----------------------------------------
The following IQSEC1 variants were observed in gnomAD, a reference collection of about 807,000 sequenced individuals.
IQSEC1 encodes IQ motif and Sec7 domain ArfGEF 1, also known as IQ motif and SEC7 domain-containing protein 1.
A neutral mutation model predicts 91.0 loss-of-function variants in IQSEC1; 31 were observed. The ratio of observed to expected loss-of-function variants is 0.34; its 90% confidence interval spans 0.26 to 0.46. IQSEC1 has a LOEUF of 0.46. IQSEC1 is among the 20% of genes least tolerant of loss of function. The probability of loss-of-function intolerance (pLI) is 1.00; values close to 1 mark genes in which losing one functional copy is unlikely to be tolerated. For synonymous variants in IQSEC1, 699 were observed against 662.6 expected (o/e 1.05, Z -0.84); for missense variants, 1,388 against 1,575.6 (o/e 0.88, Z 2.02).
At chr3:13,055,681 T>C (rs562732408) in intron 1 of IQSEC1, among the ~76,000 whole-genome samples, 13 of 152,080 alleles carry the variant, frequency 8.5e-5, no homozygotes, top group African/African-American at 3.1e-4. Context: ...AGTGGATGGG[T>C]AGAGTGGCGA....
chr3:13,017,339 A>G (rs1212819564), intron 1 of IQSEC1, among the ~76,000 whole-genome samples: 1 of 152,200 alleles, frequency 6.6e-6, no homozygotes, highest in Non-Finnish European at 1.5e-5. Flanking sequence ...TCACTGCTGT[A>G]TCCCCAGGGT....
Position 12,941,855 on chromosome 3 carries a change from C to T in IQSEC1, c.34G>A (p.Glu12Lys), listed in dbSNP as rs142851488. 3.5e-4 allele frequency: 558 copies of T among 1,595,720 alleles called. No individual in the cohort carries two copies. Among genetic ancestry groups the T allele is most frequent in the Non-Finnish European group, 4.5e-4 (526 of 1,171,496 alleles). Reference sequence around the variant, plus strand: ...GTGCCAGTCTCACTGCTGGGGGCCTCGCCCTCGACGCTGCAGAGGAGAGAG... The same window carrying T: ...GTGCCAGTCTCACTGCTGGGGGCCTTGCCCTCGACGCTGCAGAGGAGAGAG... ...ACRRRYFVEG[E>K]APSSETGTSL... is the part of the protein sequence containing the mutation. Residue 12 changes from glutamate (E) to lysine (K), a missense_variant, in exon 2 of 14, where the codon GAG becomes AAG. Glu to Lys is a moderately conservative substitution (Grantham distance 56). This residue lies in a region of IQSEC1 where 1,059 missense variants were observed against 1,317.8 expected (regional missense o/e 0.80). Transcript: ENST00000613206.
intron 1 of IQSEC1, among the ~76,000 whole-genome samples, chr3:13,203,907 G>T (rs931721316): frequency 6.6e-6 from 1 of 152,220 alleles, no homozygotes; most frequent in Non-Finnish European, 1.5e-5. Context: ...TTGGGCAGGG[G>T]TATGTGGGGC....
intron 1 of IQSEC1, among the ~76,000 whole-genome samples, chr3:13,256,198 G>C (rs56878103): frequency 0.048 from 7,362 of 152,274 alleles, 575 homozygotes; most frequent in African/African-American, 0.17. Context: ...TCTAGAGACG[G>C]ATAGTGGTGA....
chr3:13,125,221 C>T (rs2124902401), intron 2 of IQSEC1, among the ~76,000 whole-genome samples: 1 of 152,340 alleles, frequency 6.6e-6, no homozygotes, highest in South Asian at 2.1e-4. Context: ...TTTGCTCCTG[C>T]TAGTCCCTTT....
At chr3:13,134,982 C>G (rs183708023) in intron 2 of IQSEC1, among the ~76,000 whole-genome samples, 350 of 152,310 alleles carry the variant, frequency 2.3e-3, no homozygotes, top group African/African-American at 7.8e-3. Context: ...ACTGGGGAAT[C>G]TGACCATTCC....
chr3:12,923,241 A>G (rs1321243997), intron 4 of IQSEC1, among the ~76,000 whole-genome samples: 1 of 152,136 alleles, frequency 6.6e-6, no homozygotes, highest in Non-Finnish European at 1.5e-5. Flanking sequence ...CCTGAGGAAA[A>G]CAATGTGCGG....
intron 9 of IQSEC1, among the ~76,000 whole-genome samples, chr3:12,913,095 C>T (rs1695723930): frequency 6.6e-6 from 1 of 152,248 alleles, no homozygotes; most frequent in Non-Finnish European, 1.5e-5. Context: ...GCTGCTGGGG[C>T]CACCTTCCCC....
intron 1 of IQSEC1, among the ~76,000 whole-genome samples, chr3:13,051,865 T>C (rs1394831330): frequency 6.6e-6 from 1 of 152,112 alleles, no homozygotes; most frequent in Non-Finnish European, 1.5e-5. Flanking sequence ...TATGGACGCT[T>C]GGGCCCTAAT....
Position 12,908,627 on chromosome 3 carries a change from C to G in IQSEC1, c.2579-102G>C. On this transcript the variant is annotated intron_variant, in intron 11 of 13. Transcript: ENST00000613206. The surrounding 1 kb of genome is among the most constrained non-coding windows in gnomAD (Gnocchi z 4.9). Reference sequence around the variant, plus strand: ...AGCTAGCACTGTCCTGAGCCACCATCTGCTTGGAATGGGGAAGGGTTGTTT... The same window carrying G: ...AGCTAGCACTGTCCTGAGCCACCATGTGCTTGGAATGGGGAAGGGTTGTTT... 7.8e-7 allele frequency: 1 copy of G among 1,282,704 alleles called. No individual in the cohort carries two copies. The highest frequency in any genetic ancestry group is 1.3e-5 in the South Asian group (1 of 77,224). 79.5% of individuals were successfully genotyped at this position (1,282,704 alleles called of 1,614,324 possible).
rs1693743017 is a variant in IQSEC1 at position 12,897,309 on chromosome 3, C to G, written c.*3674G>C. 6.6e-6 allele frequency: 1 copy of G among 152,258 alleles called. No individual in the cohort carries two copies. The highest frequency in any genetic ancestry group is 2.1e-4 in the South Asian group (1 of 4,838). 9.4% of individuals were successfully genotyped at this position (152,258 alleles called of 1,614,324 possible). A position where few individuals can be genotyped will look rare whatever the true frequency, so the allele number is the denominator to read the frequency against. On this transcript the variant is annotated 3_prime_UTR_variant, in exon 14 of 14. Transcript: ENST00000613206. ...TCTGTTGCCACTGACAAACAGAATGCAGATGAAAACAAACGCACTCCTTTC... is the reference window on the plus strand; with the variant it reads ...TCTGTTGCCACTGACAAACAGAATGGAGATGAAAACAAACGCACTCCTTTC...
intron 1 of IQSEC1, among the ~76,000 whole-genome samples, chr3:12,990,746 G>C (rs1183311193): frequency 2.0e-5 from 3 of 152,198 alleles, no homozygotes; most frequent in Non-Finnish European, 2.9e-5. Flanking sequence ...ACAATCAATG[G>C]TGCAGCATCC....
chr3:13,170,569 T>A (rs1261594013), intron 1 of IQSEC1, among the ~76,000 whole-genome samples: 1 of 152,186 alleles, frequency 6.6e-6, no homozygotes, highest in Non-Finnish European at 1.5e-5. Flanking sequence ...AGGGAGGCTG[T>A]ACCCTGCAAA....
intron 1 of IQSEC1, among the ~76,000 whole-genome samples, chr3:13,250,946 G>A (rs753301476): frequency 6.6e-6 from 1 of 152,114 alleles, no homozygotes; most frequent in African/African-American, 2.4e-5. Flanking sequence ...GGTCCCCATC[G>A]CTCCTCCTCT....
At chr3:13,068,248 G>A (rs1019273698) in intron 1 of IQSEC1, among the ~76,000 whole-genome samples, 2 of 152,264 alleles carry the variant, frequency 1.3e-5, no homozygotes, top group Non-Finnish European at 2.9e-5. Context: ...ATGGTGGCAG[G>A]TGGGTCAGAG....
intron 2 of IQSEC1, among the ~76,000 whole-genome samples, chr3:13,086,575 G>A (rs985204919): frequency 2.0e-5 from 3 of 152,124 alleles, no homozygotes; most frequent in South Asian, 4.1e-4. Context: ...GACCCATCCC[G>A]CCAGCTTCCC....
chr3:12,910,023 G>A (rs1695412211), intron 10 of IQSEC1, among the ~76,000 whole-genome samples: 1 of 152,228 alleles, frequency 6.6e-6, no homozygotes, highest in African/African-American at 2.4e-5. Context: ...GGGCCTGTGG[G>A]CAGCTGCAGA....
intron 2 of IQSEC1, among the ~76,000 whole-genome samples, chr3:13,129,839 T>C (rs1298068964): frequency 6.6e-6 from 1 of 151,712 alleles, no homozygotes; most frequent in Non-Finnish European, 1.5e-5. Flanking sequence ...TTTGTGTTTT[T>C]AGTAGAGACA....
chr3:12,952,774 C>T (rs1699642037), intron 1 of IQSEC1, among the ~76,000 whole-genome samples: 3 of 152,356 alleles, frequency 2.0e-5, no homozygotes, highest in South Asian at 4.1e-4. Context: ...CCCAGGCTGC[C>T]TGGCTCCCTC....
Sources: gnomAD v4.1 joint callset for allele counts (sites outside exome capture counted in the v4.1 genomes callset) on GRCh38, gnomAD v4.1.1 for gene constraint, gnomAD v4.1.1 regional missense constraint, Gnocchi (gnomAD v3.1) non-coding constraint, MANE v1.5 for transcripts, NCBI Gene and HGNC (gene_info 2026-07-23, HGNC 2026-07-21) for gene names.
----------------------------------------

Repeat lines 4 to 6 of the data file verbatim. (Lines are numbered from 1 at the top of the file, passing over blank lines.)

At chr3:13,055,681 T>C (rs562732408) in intron 1 of IQSEC1, among the ~76,000 whole-genome samples, 13 of 152,080 alleles carry the variant, frequency 8.5e-5, no homozygotes, top group African/African-American at 3.1e-4. Context: ...AGTGGATGGG[T>C]AGAGTGGCGA....
chr3:13,017,339 A>G (rs1212819564), intron 1 of IQSEC1, among the ~76,000 whole-genome samples: 1 of 152,200 alleles, frequency 6.6e-6, no homozygotes, highest in Non-Finnish European at 1.5e-5. Flanking sequence ...TCACTGCTGT[A>G]TCCCCAGGGT....
Position 12,941,855 on chromosome 3 carries a change from C to T in IQSEC1, c.34G>A (p.Glu12Lys), listed in dbSNP as rs142851488. 3.5e-4 allele frequency: 558 copies of T among 1,595,720 alleles called. No individual in the cohort carries two copies. Among genetic ancestry groups the T allele is most frequent in the Non-Finnish European group, 4.5e-4 (526 of 1,171,496 alleles). Reference sequence around the variant, plus strand: ...GTGCCAGTCTCACTGCTGGGGGCCTCGCCCTCGACGCTGCAGAGGAGAGAG... The same window carrying T: ...GTGCCAGTCTCACTGCTGGGGGCCTTGCCCTCGACGCTGCAGAGGAGAGAG... ...ACRRRYFVEG[E>K]APSSETGTSL... is the part of the protein sequence containing the mutation. Residue 12 changes from glutamate (E) to lysine (K), a missense_variant, in exon 2 of 14, where the codon GAG becomes AAG. Glu to Lys is a moderately conservative substitution (Grantham distance 56). This residue lies in a region of IQSEC1 where 1,059 missense variants were observed against 1,317.8 expected (regional missense o/e 0.80). Transcript: ENST00000613206.